With the onset of new technology and video conferencing platforms such as Zoom, Skype and Microsoft Teams, employers have changed how they connect with potential candidates. Virtual interviews have become a standard element of the application process for many companies. While some may request a phone interview, you will most likely participate in a live video interview that is essentially an in-person interview conducted from a remote location. Companies across all industries now use virtual interviews to save time and money while making the hiring process more manageable.
Tips for success;
- Verify your internet connection - Whether you are waiting for a phone call or logging on to a video platform for your virtual interview, make sure everything is working as it should. Check your internet speed, webcam and audio quality in addition to making sure your phone is fully charged if a backup is needed.
- Choose the right location - Find an environment, preferably at home where it is quiet and well-lit with a clutter-free backdrop so the interviewer can focus on your responses without distractions.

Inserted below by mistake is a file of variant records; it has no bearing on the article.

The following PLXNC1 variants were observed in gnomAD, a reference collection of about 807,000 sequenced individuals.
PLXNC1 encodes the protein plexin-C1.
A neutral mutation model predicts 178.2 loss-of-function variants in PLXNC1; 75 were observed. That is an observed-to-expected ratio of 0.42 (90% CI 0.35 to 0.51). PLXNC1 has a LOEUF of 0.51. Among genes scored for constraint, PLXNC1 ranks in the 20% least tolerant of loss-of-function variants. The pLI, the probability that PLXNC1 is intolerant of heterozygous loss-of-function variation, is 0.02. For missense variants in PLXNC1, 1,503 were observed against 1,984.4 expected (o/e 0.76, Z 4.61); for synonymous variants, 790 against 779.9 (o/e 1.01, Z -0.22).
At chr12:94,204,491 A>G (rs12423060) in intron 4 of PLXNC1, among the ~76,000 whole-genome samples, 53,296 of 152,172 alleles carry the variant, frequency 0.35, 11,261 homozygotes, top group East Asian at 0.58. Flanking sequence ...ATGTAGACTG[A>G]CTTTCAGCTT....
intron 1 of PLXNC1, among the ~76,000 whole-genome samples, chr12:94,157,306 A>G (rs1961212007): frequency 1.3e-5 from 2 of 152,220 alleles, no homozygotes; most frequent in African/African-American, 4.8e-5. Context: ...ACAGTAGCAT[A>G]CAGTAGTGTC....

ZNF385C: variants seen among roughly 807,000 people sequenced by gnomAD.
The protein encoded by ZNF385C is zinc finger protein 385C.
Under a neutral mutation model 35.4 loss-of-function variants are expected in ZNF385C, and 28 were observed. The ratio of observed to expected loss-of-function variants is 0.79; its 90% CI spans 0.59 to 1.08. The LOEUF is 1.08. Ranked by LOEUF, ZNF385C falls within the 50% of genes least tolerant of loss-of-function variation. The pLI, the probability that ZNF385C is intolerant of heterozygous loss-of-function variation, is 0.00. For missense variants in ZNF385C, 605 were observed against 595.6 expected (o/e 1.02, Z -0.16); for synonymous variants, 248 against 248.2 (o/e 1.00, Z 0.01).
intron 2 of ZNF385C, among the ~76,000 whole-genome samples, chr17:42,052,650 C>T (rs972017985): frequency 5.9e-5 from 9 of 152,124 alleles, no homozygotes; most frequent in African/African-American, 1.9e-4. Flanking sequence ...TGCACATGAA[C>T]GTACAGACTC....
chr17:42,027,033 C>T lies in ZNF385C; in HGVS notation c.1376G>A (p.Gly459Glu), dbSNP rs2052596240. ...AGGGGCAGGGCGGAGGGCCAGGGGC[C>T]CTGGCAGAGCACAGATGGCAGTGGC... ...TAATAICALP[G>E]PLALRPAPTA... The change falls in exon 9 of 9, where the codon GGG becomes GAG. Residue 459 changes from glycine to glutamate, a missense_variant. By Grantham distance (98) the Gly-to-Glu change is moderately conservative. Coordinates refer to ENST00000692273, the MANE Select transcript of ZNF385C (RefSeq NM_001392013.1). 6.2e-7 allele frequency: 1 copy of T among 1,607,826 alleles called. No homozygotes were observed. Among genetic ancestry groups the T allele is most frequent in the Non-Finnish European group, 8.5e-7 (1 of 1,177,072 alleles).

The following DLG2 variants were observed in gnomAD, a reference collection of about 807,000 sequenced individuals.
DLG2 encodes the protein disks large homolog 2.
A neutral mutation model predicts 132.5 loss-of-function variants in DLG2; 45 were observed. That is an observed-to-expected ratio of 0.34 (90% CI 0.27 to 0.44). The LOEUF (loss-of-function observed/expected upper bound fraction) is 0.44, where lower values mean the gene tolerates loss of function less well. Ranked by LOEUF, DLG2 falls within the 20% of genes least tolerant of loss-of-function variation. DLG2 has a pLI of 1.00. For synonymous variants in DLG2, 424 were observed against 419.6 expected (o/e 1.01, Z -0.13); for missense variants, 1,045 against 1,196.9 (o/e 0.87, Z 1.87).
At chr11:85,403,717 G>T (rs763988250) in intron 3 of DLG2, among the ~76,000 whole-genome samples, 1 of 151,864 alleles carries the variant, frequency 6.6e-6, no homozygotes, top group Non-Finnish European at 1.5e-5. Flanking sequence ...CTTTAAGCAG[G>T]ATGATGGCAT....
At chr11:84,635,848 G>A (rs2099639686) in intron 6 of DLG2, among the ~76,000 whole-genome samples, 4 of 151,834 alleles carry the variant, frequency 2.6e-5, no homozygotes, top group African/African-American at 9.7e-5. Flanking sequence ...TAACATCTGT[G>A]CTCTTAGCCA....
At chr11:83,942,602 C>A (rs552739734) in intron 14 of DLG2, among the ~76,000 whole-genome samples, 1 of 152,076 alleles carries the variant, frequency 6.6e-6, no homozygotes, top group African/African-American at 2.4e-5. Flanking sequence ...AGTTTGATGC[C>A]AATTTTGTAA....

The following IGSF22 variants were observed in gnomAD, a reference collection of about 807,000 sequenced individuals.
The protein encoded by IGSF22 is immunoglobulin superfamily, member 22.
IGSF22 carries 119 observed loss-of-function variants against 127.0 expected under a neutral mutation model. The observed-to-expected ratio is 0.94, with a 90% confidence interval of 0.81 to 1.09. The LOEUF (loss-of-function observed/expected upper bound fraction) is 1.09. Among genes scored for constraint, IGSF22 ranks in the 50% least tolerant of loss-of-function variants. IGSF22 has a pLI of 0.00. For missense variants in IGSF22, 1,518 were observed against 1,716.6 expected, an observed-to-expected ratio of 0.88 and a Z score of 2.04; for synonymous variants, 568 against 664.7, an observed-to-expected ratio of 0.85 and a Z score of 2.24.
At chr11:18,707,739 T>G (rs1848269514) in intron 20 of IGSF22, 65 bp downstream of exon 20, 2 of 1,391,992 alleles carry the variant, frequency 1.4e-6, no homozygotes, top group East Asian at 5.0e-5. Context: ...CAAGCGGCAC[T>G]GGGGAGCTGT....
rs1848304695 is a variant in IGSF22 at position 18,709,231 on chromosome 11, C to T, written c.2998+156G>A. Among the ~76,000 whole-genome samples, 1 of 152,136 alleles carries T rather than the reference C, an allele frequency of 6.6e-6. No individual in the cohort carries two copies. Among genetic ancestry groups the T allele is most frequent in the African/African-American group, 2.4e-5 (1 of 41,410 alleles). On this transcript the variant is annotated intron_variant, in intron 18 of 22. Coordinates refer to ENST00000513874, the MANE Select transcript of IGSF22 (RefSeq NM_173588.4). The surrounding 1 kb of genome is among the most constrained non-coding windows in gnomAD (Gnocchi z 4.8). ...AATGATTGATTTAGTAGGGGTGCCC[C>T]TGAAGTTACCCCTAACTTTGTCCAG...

- Be professional - Treat your interview in the same manner as an in-person conversation. Dress appropriately, maintain good eye contact and use positive body language.
This method uses specific types of job interview questions in order to assess how you behave and handle situations within the workplace environment. A behavioral interview is designed to examine your past performance and success at work. This is also a good indicator of how you will behave in the future.
While there are not necessarily right or wrong answers, you will need to talk about your past accomplishments, challenges and experiences using real-life examples so preparation beforehand is essential. This style of interviewing is used across various industries, although corporate companies in the technology, finance and healthcare sectors typically use this method to assess if you will fit into their culture.
Tips for success;
- Prepare real-life success stories – Behavioral questions tend to focus on themes such as leadership, teamwork, conflict and problem-solving. Take your cues from the job description and choose a few real-life examples that would be appropriate within each of these themes and write them down beforehand.
- Use the STAR method to respond – Your stories and examples should include the situation you were in, the task you had to carry out, the specific actions you took and the results you achieved. Using this method will allow you to show your detailed thought process to the interviewer.